The Bitcoin ledger is a new kind of payment system. Anyone in the world can pay anyone else in the world any amount of value of Bitcoin by simply transferring ownership of the corresponding slot in the ledger. Put value in, transfer it, the recipient gets value out, no authorization required, and in many cases, no fees.
This is the element of the bitcoin protocol, one of the three limbs of bitcoin
And it can’t be uninvented! Its a solution in itself, not the best but the least worst
Bitcoin is a digital bearer instrument. It is a way to exchange money or assets between parties with no pre-existing trust: A string of numbers is sent over email or text message in the simplest case. The sender doesn’t need to know or trust the receiver or vice versa. Related, there are no chargebacks – this is the part that is literally like cash – if you have the money or the asset, you can pay with it; if you don’t, you can’t. This is brand new. This has never existed in digital form before.
Note the bearer instrument reference, c.f. letters of credits and other bills of exchange
Critics of Bitcoin point to limited usage by ordinary consumers and merchants, but that same criticism was leveled against PCs and the Internet at the same stage…
The criticism that merchants will not accept Bitcoin because of its volatility is also incorrect. Bitcoin can be used entirely as a payment system; merchants do not need to hold any Bitcoin currency or be exposed to Bitcoin volatility at any time. Any consumer or merchant can trade in and out of Bitcoin and other currencies any time they want.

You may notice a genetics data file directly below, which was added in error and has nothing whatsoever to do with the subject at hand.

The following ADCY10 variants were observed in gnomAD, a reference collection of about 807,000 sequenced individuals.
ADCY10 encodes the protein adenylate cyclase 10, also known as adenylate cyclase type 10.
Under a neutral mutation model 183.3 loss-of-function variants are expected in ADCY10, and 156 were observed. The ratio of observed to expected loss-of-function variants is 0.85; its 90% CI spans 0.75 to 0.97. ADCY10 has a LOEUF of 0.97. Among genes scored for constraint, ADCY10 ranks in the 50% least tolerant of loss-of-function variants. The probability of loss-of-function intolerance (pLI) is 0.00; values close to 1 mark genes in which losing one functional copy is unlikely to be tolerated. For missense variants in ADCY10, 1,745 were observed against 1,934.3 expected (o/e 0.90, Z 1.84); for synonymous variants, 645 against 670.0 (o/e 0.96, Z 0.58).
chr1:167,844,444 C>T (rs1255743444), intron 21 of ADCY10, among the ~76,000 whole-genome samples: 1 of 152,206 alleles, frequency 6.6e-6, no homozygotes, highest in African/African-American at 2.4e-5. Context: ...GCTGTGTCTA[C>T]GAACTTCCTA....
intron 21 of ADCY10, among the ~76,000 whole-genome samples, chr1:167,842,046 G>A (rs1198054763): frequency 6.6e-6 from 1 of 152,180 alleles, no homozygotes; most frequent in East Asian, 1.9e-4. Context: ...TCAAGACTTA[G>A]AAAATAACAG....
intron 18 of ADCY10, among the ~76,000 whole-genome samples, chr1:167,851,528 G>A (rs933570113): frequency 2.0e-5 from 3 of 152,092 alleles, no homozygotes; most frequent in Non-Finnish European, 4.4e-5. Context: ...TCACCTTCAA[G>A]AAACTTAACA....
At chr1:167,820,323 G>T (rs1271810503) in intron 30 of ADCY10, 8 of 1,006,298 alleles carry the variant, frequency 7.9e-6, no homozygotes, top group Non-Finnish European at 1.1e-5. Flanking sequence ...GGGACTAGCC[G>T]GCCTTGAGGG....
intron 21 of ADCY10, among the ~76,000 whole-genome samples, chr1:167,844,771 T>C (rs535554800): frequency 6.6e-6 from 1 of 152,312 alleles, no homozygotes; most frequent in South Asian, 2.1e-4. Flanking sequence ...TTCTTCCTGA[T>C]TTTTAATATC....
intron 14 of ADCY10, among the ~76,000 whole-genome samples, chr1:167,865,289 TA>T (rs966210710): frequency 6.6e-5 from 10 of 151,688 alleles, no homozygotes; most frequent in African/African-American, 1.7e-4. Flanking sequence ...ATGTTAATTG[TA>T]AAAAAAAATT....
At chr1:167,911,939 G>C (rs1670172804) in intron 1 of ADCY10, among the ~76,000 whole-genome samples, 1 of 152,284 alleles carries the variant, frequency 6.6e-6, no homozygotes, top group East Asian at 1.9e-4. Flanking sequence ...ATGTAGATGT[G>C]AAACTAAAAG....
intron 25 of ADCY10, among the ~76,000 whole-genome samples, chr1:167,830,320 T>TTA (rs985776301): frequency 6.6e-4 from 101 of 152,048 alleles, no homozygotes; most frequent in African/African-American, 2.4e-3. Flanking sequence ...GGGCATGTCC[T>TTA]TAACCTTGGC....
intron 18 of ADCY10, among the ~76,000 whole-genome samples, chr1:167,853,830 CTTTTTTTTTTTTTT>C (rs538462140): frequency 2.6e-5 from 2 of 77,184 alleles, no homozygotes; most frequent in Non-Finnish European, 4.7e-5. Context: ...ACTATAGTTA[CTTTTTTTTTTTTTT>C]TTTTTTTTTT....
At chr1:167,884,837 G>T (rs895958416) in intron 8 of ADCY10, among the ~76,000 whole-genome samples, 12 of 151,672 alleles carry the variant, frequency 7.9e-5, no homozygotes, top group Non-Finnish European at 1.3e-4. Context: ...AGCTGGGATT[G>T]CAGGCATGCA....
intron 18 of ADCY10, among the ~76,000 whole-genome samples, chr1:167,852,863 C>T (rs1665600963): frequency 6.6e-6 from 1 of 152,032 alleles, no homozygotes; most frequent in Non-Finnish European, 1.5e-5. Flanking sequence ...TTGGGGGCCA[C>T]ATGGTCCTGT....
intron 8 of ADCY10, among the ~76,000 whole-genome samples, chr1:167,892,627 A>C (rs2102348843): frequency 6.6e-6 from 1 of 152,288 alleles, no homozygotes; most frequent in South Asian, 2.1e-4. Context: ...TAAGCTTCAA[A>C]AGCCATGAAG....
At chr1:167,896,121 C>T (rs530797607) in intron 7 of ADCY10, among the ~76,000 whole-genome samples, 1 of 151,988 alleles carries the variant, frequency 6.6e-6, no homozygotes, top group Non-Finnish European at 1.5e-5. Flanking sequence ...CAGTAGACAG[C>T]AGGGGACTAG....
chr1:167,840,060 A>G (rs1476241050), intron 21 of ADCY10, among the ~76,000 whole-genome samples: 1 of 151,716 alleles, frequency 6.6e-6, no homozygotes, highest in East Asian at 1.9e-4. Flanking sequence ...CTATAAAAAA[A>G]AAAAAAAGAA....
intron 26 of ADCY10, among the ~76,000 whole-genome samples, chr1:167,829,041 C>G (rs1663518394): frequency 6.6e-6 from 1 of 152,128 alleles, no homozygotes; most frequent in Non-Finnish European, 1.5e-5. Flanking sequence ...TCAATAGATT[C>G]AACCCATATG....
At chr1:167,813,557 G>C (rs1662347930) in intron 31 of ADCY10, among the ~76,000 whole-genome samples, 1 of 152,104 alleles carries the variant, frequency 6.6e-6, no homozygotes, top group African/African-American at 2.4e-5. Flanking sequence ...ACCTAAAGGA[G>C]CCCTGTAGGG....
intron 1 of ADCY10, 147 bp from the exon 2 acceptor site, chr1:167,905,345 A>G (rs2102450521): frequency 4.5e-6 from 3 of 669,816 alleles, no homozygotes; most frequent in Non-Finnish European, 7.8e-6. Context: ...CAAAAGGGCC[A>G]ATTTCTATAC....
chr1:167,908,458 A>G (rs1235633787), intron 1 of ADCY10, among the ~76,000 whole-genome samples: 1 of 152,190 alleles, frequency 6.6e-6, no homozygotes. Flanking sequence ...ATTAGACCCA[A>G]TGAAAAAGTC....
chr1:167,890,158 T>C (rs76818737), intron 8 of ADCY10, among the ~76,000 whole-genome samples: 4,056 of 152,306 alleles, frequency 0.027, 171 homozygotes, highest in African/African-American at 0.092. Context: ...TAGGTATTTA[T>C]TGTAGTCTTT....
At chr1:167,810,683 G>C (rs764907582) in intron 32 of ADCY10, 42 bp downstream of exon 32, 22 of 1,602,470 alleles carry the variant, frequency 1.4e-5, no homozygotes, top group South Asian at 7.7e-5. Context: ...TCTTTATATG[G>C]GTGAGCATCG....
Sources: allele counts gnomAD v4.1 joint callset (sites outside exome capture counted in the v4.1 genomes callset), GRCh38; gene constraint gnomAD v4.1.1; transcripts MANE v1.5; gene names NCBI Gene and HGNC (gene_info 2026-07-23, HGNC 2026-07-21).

Why would any merchant – online or in the real world – want to accept Bitcoin as payment, given the currently small number of consumers who want to pay with it? My partner Chris Dixon recently gave this example:
“Let’s say you sell electronics online. Profit margins in those businesses are usually under 5 percent, which means conventional 2.5 percent payment fees consume half the margin. That’s money that could be reinvested in the business, passed back to consumers or taxed by the government. Of all of those choices, handing 2.5 percent to banks to move bits around the Internet is the worst possible choice. Another challenge merchants have with payments is accepting international payments. If you are wondering why your favorite product or service isn’t available in your country, the answer is often payments.”
In addition, merchants are highly attracted to Bitcoin because it eliminates the risk of credit card fraud. This is the form of fraud that motivates so many criminals to put so much work into stealing personal customer information and credit card numbers.
Since Bitcoin is a digital bearer instrument, the receiver of a payment does not get any information from the sender that can be used to steal money from the sender in the future, either by that merchant or by a criminal who steals that information from the merchant.
Credit card fraud is such a big deal for merchants, credit card processors and banks that online fraud detection systems are hair-trigger wired to stop transactions that look even slightly suspicious, whether or not they are actually fraudulent. As a result, many online merchants are forced to turn away 5 to 10 percent of incoming orders that they could take without fear if the customers were paying with Bitcoin, where such fraud would not be possible. Since these are orders that were coming in already, they are inherently the highest margin orders a merchant can get, and so being able to take them will drastically increase many merchants’ profit margins.
Bitcoin’s antifraud properties even extend into the physical world of retail stores and shoppers.
For example, with Bitcoin, the huge hack that recently stole 70 million consumers’ credit card information from the Target department store chain would not have been possible…